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Saturday, July 11, 2009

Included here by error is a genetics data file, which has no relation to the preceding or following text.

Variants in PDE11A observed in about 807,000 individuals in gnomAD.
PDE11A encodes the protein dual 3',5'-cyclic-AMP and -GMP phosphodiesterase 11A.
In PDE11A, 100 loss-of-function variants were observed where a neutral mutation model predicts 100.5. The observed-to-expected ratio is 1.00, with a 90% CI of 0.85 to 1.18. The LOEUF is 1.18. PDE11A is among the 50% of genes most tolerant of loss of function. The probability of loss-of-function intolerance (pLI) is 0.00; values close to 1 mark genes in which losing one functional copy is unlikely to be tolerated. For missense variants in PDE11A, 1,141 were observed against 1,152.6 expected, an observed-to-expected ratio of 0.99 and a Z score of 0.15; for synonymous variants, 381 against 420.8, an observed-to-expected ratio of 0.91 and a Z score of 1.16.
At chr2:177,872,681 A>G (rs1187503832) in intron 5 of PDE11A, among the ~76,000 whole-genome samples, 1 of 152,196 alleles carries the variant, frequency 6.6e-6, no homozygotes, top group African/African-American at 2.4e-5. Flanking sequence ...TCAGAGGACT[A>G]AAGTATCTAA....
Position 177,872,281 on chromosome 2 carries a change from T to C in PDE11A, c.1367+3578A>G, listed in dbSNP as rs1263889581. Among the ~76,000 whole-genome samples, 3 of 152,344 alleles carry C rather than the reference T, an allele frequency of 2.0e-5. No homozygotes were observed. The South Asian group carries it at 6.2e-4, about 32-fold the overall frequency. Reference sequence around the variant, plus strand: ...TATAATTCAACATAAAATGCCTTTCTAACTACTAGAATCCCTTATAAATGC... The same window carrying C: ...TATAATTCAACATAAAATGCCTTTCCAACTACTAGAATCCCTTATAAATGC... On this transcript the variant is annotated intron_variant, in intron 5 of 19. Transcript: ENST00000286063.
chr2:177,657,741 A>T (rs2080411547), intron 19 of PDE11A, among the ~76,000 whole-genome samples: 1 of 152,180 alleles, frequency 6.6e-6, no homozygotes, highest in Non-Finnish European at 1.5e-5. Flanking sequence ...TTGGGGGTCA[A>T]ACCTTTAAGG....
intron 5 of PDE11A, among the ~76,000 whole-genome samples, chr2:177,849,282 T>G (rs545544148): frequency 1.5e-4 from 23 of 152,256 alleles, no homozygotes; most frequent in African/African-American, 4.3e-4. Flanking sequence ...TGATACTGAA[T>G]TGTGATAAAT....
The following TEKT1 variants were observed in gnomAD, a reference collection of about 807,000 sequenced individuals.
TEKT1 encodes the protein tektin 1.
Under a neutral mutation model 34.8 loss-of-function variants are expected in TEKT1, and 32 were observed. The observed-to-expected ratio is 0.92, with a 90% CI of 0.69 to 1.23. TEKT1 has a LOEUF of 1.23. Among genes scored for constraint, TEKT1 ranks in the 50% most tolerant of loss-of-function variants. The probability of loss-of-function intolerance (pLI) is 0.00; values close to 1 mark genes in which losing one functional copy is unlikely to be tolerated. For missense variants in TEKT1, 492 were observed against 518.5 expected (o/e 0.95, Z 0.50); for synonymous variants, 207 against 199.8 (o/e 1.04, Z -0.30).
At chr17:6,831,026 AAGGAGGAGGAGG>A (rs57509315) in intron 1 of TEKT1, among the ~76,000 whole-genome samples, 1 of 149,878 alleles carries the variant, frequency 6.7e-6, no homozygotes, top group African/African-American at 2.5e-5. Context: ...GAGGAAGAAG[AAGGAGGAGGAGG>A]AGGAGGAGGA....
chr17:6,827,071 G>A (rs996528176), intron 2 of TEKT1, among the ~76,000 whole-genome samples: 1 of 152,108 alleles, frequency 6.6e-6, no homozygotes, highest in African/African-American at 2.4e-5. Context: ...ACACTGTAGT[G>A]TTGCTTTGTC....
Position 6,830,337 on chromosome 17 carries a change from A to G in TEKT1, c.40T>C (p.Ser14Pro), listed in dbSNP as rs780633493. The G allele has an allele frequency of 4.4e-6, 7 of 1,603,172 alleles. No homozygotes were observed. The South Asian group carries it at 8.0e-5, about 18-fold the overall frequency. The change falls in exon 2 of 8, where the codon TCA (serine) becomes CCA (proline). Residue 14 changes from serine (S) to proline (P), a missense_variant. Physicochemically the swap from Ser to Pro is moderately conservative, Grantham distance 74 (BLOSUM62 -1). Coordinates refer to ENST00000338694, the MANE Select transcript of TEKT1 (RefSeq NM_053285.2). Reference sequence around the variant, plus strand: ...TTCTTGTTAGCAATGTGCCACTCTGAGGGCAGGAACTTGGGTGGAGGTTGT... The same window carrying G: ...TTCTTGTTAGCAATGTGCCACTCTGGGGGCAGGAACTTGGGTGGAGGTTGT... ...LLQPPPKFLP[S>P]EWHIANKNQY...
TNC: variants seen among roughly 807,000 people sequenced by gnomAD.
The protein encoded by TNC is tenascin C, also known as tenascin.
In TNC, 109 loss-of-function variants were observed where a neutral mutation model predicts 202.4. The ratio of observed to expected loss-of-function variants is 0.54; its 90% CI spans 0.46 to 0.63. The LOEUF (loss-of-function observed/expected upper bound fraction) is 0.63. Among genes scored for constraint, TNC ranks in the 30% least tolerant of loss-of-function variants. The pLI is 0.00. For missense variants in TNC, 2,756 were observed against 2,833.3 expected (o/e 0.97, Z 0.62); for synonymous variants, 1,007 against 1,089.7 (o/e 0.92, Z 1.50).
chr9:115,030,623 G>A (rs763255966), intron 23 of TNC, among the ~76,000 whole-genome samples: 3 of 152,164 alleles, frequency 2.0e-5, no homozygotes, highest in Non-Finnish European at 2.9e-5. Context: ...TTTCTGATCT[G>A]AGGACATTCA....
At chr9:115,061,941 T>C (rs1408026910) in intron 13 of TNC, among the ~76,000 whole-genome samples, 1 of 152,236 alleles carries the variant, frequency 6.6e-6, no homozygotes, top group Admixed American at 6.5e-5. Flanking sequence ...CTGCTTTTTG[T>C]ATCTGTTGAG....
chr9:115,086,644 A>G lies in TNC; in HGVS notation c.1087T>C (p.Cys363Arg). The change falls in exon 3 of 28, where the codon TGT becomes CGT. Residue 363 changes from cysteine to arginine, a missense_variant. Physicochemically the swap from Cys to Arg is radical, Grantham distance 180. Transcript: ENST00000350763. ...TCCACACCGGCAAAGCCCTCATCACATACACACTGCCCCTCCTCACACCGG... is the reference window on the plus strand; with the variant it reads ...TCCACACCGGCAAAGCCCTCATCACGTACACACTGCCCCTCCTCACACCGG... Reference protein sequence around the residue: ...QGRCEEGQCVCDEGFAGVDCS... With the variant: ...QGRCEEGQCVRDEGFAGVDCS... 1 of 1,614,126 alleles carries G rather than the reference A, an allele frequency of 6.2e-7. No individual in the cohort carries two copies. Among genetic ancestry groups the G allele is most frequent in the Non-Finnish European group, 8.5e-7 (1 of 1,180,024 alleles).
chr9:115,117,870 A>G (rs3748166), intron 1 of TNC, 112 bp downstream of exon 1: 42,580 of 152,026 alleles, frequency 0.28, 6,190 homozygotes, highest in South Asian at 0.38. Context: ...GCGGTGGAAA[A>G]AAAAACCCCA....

I believe that the reality of our lives becomes what our youthful dreams wish it to be. Consider the friendship between William Mulholland and Frederick Eaton. One man left his name on a lot of Los Angeles real estate. The other is largely forgotten. But 20th century Los Angeles could not have been built without either of them. The problem was they were, both of them, dreaming too big for their own good.Fred Eaton was a force of nature. Historian William Kahrl described him as “Youthful, aggressive, innovative, (and) startlingly handsome…”. He was also well connected. Fred’s father was one of the founders of Pasadena, California, one of the richest cities in America. After college, in 1875, Fred became superintendant for Los Angeles’ private water company.In that job Fred hired a muscular Irish immigrant named William Mulholland, as a well digger. “The two of them made an unlikely pair”, wrote DiLeo & Smith in their book "Two Californias", “Eaton was elegant, well born, refined. Mulholland was gruff, a blunt man who loved games and jokes. While Eaton craved public attention, Mulholland shunned it, preferring to spend his evenings reading for his own edification.” With Eaton’s encouragement, Mulholland taught himself engineering and as he advanced in authority he became a close confidant of Eaton’s. But in 1892, when a drought struck the American southwest, Eaton became convinced the city had to find a more dependable supply of drinking water. Mulholland scoffed at his concerns and told his mentor, “If you don’t get the water, you won’t need it.”Eaton refused to be dissuaded. He traveled to the eastern ramparts of the Sierra Mountains. There he found year round snow capped summits producing streams that fed two saline sink lakes in one of the driest places on earth;......Mono Lake in the north, and in the south, closer to Los Angels, Owens Lake, fed by the Owens River.As an engineer Eaton realized that it might be possible to draw water from the Owens River for Los Angeles by gravity alone because the river had a higher elevation than the city.But separating the two was two hundred fifty miles of lava fields, desert and mountains, wilderness that mostly belonged to the Federal Government. Eaton realized that financially and politically his goal was impossible to achieve. Still, he had come to love the terrain and the people, and after he capped his career in Los Angeles by serving a 2 year term as Mayor in 1898, he retired to spend his summers at a 12,000 acre ranch along the Owens River. And there he might have quietly remained in serene retirement but for two things that changed.The first was that his friend William Mulholland had become the superintendent for the Los Angeles Water Department, now a city agency. Faced with the same problems Eaton had faced in the same job, Mulholland came to the same conclusion; if it was to survive and grow, Los Angeles had to find more water. And the second thing that changed was the weather.As 1892 had been a year of drought, 1905 was a year of floods. In the spring heavy rains and heavier than usual snow melts in the Rockies, forced the lower Colorado River to burst through its banks and pour into the depression that became The Salton Sea.In response to this disaster, and under political pressure to help a number of agricultural development projects around the nation (e.g. “pork”) the Teddy Roosevelt Administration created the Reclamation Department (forerunner of the Interior Department). It was America’s first experiment with “big government”. And one of the first projects under consideration by the Reclamation Department was a plan to improve irrigation along the upper Owens River.The new Department sent Fred Eaton to the Mono County Court House(above) to investigate property records. This meant that when Fred started to buy options on water rights to the lower Owens River, the farmers and ranchers assumed he was buying for the irrigation project, and eagerly sold Fred their rights at bargain basement prices. In August of 1905 Fred admitted as much to the Los Angeles Express. “I knew the government was planning to put in irrigation works… If I had waited until after the government was at work, it would have required $1 million to $2 million more to get the water for the city, and that probably would have killed the project.” Back in Los Angeles Fred met with the city attorney. “The result”, he told the Express, “was an agreement that I would turn over to the city all the water rights I had acquired at the price I had paid for them…”.The cost was a $700,000, for which Fred was fully reimbursed from Los Angeles Department of Water and Power funds. It was a brilliant and glorious gamble for the city and it appeared that Fred Eaton had risked a substantial portion of his wealth out of his love for Los Angeles. And so he had. There was a catch, of course. Fred had not made his own fortune without a catch. As William Mulholland began to build the $24.5 million Los Angeles Aqueduct to carry the Owens River to the city limits it was obvious that the system would require a reservoir at the head end. Such an artificial lake would provide a dependable flow regardless of drought years or downpours. And Fred Eaton owned just the spot for that reservoir; his ranch above Lone Pine in what was called Long Valley.In the original paperwork in which Fred had been reimbursed, he also granted permission to build a dam there. But hidden in the details was a height limit on the proposed Long Valley dam of 100 feet. Being an engineer, Fred knew that because of the topography of the site, that was not high enough. And Fred had already decided that a variance which would allow a 106 or 107 foot high dam would cost the city $1 million more. And once he got into the nitty-gritty details of planning the dam Mulholland realized he had been backed into a corner. The problem was that he realized it at a most inconvenient moment. Just as Fred sprang his trap, the bankers back east, who had financed the aqueduct, sprang theirs. In late 1910, with the aquedeuct construction just past the half way mark, they lowered the cities’ credit rating. The bankers were hoping that a cash shortage would force the city to sell to them its most valuable asset, the Los Angeles Department of Water and Power. Instead the Board of Public Works which had oversight of the DWP, cut expenses to the bone, eliminating the million dolalrs for Fred Eaton’s higher Long Valley dam. Mulholland tried to reason with Fred, but Eaton decided that Mulholland was merely being a tough negotiator and refused to compromise. The friends argued. Heated words were exchanged. And Mulholland walked out of the meeting with Fred, saying angerly and prophetically, “I’ll buy the Long Valley three years after Eaton is dead.”How could either man have known that decision would inspire an open and violent rebellion in the Owens Valley, and kill 1,000 innocent people in Los Angeles county and cause the greatest man made disaster in California history?